On Tuesday, he alarmed press freedom advocates by criticizing him at a news conference and noting that a Los Angeles Times reporter is under a criminal investigation. Later in the day he tried to retract his teasing comments, but it is important to understand the background, including Villanueva’s highly controversial behavior and his attacks on the media.
At Tuesday’s press conference, Villanueva showed and referred to the photo of Chekmedian, as well as one of his political rivals and the chief inspector general of the police. The arrows imply a connection between the three. Villanueva referred to a video of the incident obtained by Chekmedian as “stolen property”. He announced that he was investigating “all parties” involved in the matter. When repeatedly asked whether Chekmedian was specifically under investigation, Villanueva replied that “all parties to this business” are under investigation.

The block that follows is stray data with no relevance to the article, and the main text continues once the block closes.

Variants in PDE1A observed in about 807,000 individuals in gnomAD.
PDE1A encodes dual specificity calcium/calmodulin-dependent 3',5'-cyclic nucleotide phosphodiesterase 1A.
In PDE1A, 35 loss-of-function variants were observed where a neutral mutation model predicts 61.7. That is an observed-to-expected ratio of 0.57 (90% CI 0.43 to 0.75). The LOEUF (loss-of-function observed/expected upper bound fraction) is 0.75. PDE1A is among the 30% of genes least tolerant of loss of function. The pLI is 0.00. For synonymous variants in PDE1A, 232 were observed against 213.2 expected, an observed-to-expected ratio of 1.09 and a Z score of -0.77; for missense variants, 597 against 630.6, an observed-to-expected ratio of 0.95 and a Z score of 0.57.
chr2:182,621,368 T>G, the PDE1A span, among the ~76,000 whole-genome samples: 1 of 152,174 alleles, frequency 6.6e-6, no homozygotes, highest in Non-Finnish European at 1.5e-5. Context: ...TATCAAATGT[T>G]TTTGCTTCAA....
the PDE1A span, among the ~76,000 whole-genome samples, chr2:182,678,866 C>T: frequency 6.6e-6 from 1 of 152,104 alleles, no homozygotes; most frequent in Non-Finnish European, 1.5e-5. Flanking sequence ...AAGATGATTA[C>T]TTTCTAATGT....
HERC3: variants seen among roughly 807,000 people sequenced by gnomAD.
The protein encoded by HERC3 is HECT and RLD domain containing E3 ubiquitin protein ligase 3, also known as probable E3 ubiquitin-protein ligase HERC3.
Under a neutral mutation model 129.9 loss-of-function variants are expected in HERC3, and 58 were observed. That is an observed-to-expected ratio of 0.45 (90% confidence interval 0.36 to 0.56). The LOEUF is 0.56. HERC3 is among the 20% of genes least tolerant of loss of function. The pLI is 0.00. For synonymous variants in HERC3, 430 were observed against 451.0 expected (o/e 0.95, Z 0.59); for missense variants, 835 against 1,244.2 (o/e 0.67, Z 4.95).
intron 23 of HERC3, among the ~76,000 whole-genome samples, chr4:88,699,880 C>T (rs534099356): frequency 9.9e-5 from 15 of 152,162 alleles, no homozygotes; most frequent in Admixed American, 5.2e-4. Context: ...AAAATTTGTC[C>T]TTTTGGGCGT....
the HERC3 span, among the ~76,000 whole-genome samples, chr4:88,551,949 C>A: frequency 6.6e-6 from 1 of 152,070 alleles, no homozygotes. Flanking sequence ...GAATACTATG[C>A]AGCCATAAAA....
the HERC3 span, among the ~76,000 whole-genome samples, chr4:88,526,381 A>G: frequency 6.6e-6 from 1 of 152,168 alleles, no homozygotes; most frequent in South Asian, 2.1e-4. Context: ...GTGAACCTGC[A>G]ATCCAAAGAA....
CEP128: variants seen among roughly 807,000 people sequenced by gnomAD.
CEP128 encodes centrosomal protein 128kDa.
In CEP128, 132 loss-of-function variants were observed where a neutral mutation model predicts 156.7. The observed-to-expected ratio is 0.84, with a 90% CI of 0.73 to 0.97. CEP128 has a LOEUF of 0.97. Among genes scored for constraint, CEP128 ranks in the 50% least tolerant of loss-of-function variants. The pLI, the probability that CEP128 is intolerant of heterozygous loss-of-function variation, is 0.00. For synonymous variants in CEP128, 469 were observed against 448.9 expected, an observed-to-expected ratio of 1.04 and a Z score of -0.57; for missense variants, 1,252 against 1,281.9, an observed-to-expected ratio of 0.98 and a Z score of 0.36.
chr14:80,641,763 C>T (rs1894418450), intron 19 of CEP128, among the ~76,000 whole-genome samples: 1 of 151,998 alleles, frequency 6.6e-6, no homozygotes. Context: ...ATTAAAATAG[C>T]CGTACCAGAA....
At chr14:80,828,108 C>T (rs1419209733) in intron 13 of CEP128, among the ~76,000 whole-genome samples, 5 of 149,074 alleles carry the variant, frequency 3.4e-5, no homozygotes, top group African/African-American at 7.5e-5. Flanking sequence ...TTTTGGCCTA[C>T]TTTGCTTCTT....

Notably, Villanueva appears to have put a straw man here. There is a difference between being investigated and suspected of being investigated as criminal charges can be brought against the person. The first was reported by news agencies, not the last …
“Abuse of your official position”
Hours before the department tweeted, Los Angeles Times General Counsel Jeff Glaser wrote to the mayor a scathing note. Glaser described Villanueva’s comments as “a disguised attempt to intimidate ‘Chekmedian’ into giving him indifferent (but perfectly accurate) information about the behavior of individuals in your circle and allegations of a cover-up by you and other officials.
Press chase history
>> Los Angeles Times editor-in-chief Kevin Merida said Villanueva’s attempt “to criminalize news reporting goes against well-established constitutional law…”
>> The Reporters Committee for Freedom of the Press called Villanueva’s move “beyond the pale” and a violation of the First Amendment, and condemned it “in the strongest terms…”